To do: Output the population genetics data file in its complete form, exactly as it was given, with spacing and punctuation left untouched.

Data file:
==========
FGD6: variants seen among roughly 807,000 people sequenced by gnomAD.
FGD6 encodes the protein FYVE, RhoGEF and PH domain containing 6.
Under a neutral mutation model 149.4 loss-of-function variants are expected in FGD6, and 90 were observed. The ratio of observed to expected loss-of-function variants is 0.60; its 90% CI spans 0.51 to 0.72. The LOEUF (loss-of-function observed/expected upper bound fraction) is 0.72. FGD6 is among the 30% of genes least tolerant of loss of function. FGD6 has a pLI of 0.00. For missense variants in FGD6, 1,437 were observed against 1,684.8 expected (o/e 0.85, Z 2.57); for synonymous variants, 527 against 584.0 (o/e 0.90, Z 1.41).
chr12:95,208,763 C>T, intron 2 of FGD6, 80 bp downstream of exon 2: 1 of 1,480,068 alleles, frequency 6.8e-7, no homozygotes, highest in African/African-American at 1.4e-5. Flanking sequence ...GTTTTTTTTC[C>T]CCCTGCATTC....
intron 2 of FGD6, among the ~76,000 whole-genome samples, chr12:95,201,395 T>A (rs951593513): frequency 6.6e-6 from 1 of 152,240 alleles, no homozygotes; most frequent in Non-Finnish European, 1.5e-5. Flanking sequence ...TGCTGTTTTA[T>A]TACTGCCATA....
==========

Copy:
FGD6: variants seen among roughly 807,000 people sequenced by gnomAD.
FGD6 encodes the protein FYVE, RhoGEF and PH domain containing 6.
Under a neutral mutation model 149.4 loss-of-function variants are expected in FGD6, and 90 were observed. The ratio of observed to expected loss-of-function variants is 0.60; its 90% CI spans 0.51 to 0.72. The LOEUF (loss-of-function observed/expected upper bound fraction) is 0.72. FGD6 is among the 30% of genes least tolerant of loss of function. FGD6 has a pLI of 0.00. For missense variants in FGD6, 1,437 were observed against 1,684.8 expected (o/e 0.85, Z 2.57); for synonymous variants, 527 against 584.0 (o/e 0.90, Z 1.41).
chr12:95,208,763 C>T, intron 2 of FGD6, 80 bp downstream of exon 2: 1 of 1,480,068 alleles, frequency 6.8e-7, no homozygotes, highest in African/African-American at 1.4e-5. Flanking sequence ...GTTTTTTTTC[C>T]CCCTGCATTC....
intron 2 of FGD6, among the ~76,000 whole-genome samples, chr12:95,201,395 T>A (rs951593513): frequency 6.6e-6 from 1 of 152,240 alleles, no homozygotes; most frequent in Non-Finnish European, 1.5e-5. Flanking sequence ...TGCTGTTTTA[T>A]TACTGCCATA....